Archive for March, 2011

Budget includes expanded Medicaid Recovery

We now have the wording of the NYS Budget Bill in regard to the expanded recovery from estates of Medicaid recipients. The legislation states that in addition to assets passing under a valid will or by intestacy,

“ individual’s estate also includes any other property in which the individual has any legal title or interest at the time of death, including jointly held property, retained life estates, and interests in trusts, to the extent of such interests;…”

The legislation takes effect April 1, 2011. There is no reference to grandfathering such  assets created prior to the effective date. There will be efforts made to modify the legislation to include grandfathering. Hopefully these efforts will be successful.

Medicaid planning will be significantly affected by this new legislation.

Just in: NYS Budget Affects Medicaid Recipients

The NYS Budget for 2011 has been passed.  According to the information we just received, there is one significant change that will affect many Medicaid recipients. The budget includes a provision for a regulation which will expand the assets from which Medicaid may recover its costs on the death of a Medicaid recipient. These newly recoverable assets may include  life estates, joint accounts and revocable and irrevocable trusts. More details will follow as we get more information.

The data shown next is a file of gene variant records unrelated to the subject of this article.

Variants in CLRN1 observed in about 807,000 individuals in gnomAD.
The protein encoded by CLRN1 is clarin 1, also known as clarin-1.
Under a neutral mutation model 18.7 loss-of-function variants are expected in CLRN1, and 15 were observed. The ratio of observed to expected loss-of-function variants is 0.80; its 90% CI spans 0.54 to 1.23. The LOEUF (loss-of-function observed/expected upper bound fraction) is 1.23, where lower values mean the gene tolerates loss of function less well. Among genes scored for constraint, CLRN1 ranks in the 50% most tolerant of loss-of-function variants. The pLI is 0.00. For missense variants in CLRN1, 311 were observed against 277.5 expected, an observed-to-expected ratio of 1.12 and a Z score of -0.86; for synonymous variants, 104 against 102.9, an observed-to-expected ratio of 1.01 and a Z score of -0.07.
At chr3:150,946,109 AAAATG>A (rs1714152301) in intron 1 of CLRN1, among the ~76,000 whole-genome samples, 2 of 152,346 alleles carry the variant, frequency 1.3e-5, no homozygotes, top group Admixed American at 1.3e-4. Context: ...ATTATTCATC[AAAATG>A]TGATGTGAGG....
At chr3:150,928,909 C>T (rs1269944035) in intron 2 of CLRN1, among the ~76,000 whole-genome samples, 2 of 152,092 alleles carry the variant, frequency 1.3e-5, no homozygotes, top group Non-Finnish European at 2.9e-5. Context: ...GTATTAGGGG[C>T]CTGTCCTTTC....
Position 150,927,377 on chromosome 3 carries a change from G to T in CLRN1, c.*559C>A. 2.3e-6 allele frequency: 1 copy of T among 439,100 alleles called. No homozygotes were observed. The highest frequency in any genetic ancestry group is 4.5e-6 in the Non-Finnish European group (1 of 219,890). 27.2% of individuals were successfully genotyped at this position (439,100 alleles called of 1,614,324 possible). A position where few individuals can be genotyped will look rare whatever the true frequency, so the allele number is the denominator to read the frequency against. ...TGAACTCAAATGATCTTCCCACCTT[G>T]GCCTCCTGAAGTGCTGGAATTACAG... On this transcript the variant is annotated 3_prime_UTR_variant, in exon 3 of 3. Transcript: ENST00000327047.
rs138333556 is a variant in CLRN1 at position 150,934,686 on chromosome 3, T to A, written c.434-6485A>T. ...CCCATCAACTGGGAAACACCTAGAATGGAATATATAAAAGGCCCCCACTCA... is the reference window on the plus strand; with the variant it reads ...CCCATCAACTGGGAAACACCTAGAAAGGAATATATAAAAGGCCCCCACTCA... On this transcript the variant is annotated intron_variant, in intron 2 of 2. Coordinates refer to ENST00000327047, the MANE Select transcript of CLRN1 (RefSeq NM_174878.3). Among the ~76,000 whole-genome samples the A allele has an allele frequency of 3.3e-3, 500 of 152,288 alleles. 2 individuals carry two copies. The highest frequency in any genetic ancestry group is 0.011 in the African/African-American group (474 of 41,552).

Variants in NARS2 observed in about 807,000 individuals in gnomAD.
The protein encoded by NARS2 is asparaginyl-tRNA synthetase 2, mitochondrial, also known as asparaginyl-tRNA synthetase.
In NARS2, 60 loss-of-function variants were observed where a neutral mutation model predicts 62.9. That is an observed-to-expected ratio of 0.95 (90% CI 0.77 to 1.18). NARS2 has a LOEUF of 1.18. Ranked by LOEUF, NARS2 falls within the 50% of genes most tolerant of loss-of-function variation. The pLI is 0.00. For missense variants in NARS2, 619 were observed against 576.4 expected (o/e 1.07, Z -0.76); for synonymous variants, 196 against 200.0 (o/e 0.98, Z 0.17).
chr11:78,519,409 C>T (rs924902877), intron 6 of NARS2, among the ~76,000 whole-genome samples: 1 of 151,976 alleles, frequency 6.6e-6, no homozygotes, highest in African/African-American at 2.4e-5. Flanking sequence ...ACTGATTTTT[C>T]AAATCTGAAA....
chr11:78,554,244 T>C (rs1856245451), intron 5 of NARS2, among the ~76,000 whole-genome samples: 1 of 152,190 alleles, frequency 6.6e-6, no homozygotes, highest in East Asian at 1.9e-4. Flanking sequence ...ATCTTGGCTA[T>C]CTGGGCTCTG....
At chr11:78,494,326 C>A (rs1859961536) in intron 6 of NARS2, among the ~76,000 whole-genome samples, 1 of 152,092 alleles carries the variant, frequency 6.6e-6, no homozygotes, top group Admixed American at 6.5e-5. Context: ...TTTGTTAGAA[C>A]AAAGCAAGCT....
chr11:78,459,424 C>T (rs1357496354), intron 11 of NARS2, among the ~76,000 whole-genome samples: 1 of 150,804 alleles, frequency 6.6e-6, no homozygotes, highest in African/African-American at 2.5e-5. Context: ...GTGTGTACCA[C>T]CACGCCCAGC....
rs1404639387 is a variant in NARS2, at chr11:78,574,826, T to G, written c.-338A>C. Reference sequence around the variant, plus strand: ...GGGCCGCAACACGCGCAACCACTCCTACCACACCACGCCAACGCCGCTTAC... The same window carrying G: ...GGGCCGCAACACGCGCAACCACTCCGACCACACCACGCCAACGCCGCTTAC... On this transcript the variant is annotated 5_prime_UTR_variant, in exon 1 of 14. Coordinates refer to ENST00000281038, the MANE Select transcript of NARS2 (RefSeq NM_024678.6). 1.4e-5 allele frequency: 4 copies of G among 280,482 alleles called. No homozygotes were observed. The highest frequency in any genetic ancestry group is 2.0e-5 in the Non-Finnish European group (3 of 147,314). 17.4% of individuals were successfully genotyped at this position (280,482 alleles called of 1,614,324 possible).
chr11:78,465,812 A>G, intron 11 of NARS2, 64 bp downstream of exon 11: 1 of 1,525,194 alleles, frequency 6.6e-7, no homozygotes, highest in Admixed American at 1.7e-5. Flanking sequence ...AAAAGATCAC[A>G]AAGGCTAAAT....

The good news, if there is any, is that according to our current understanding, this provision is the only change in the new budget affecting Medicaid applicants and recipients.

Can an agent amend a trust?

A recent New York case held that an agent under a Power of Attorney cannot amend a trust on behalf of the principal unless the principal’s Power of Attorney specifically grants that power to the agent. The case is Perosi v. Ligreci, 2011 NY Slip Op 21048 (Supreme Court, Richmond County, February 14, 2011.) This decision confirms that you must think very carefully about what you want your agent to be able to accomplish on your behalf when signing a Power of Attorney and specifically provide for the needed authority in your document.

In our office we post an interesting saying every week. I will be adding our weekly saying to my blogs. This week’s saying is:

“Do not let what you cannot do interfere with what you can do.”  -John Wooden